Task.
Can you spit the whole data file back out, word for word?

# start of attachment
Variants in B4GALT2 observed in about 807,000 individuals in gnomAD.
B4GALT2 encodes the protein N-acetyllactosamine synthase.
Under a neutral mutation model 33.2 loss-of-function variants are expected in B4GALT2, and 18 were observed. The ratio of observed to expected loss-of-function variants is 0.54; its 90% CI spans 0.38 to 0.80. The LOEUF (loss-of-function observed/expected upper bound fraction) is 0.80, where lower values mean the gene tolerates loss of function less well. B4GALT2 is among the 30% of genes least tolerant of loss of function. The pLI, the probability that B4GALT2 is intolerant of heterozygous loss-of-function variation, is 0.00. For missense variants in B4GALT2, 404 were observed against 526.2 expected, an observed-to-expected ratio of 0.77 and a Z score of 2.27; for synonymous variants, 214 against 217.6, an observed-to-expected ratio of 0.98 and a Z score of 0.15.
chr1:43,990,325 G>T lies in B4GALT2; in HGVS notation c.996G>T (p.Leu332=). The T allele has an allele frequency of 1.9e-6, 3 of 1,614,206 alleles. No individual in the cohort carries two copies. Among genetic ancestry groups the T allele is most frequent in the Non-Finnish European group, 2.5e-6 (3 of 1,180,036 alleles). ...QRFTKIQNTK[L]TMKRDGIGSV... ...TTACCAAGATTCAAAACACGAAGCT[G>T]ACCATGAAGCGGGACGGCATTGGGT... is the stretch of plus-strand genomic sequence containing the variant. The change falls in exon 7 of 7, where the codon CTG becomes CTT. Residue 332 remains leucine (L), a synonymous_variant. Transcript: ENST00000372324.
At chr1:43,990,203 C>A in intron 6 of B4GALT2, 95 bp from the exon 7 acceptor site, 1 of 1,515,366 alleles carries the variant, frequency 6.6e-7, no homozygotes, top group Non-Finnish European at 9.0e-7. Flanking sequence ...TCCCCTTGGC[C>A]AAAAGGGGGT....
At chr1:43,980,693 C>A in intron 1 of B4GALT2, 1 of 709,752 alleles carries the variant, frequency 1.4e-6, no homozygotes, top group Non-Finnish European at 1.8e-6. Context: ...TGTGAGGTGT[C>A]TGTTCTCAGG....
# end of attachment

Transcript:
Variants in B4GALT2 observed in about 807,000 individuals in gnomAD.
B4GALT2 encodes the protein N-acetyllactosamine synthase.
Under a neutral mutation model 33.2 loss-of-function variants are expected in B4GALT2, and 18 were observed. The ratio of observed to expected loss-of-function variants is 0.54; its 90% CI spans 0.38 to 0.80. The LOEUF (loss-of-function observed/expected upper bound fraction) is 0.80, where lower values mean the gene tolerates loss of function less well. B4GALT2 is among the 30% of genes least tolerant of loss of function. The pLI, the probability that B4GALT2 is intolerant of heterozygous loss-of-function variation, is 0.00. For missense variants in B4GALT2, 404 were observed against 526.2 expected, an observed-to-expected ratio of 0.77 and a Z score of 2.27; for synonymous variants, 214 against 217.6, an observed-to-expected ratio of 0.98 and a Z score of 0.15.
chr1:43,990,325 G>T lies in B4GALT2; in HGVS notation c.996G>T (p.Leu332=). The T allele has an allele frequency of 1.9e-6, 3 of 1,614,206 alleles. No individual in the cohort carries two copies. Among genetic ancestry groups the T allele is most frequent in the Non-Finnish European group, 2.5e-6 (3 of 1,180,036 alleles). ...QRFTKIQNTK[L]TMKRDGIGSV... ...TTACCAAGATTCAAAACACGAAGCT[G>T]ACCATGAAGCGGGACGGCATTGGGT... is the stretch of plus-strand genomic sequence containing the variant. The change falls in exon 7 of 7, where the codon CTG becomes CTT. Residue 332 remains leucine (L), a synonymous_variant. Transcript: ENST00000372324.
At chr1:43,990,203 C>A in intron 6 of B4GALT2, 95 bp from the exon 7 acceptor site, 1 of 1,515,366 alleles carries the variant, frequency 6.6e-7, no homozygotes, top group Non-Finnish European at 9.0e-7. Flanking sequence ...TCCCCTTGGC[C>A]AAAAGGGGGT....
At chr1:43,980,693 C>A in intron 1 of B4GALT2, 1 of 709,752 alleles carries the variant, frequency 1.4e-6, no homozygotes, top group Non-Finnish European at 1.8e-6. Context: ...TGTGAGGTGT[C>A]TGTTCTCAGG....